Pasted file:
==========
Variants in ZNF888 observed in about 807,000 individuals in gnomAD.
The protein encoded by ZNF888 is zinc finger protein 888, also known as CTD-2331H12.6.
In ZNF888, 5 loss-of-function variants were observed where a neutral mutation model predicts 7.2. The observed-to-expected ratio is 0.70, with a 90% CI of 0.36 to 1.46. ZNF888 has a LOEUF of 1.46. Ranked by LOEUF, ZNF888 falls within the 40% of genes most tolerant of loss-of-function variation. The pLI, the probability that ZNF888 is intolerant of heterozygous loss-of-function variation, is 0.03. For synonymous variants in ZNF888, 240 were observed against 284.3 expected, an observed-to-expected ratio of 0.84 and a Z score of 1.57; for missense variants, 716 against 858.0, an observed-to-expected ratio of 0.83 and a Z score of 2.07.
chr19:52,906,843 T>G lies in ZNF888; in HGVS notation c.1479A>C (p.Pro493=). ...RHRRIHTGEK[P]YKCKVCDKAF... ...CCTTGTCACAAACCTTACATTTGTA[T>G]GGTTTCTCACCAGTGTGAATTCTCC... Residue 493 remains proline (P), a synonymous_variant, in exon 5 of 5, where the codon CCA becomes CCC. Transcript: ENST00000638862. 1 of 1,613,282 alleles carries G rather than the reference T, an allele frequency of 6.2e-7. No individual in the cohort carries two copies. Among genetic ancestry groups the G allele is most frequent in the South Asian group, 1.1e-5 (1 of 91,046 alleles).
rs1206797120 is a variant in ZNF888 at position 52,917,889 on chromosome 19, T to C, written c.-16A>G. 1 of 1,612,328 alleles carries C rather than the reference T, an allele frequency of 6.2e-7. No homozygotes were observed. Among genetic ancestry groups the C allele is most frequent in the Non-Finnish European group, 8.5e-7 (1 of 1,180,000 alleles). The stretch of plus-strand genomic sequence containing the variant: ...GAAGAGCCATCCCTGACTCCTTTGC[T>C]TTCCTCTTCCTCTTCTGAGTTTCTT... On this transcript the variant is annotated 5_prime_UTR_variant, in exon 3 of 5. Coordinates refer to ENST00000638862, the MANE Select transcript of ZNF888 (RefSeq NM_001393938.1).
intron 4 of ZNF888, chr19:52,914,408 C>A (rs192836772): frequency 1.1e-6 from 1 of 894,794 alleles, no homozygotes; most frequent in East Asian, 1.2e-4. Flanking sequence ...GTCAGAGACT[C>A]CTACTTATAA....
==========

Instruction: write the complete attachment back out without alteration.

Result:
Variants in ZNF888 observed in about 807,000 individuals in gnomAD.
The protein encoded by ZNF888 is zinc finger protein 888, also known as CTD-2331H12.6.
In ZNF888, 5 loss-of-function variants were observed where a neutral mutation model predicts 7.2. The observed-to-expected ratio is 0.70, with a 90% CI of 0.36 to 1.46. ZNF888 has a LOEUF of 1.46. Ranked by LOEUF, ZNF888 falls within the 40% of genes most tolerant of loss-of-function variation. The pLI, the probability that ZNF888 is intolerant of heterozygous loss-of-function variation, is 0.03. For synonymous variants in ZNF888, 240 were observed against 284.3 expected, an observed-to-expected ratio of 0.84 and a Z score of 1.57; for missense variants, 716 against 858.0, an observed-to-expected ratio of 0.83 and a Z score of 2.07.
chr19:52,906,843 T>G lies in ZNF888; in HGVS notation c.1479A>C (p.Pro493=). ...RHRRIHTGEK[P]YKCKVCDKAF... ...CCTTGTCACAAACCTTACATTTGTA[T>G]GGTTTCTCACCAGTGTGAATTCTCC... Residue 493 remains proline (P), a synonymous_variant, in exon 5 of 5, where the codon CCA becomes CCC. Transcript: ENST00000638862. 1 of 1,613,282 alleles carries G rather than the reference T, an allele frequency of 6.2e-7. No individual in the cohort carries two copies. Among genetic ancestry groups the G allele is most frequent in the South Asian group, 1.1e-5 (1 of 91,046 alleles).
rs1206797120 is a variant in ZNF888 at position 52,917,889 on chromosome 19, T to C, written c.-16A>G. 1 of 1,612,328 alleles carries C rather than the reference T, an allele frequency of 6.2e-7. No homozygotes were observed. Among genetic ancestry groups the C allele is most frequent in the Non-Finnish European group, 8.5e-7 (1 of 1,180,000 alleles). The stretch of plus-strand genomic sequence containing the variant: ...GAAGAGCCATCCCTGACTCCTTTGC[T>C]TTCCTCTTCCTCTTCTGAGTTTCTT... On this transcript the variant is annotated 5_prime_UTR_variant, in exon 3 of 5. Coordinates refer to ENST00000638862, the MANE Select transcript of ZNF888 (RefSeq NM_001393938.1).
intron 4 of ZNF888, chr19:52,914,408 C>A (rs192836772): frequency 1.1e-6 from 1 of 894,794 alleles, no homozygotes; most frequent in East Asian, 1.2e-4. Flanking sequence ...GTCAGAGACT[C>A]CTACTTATAA....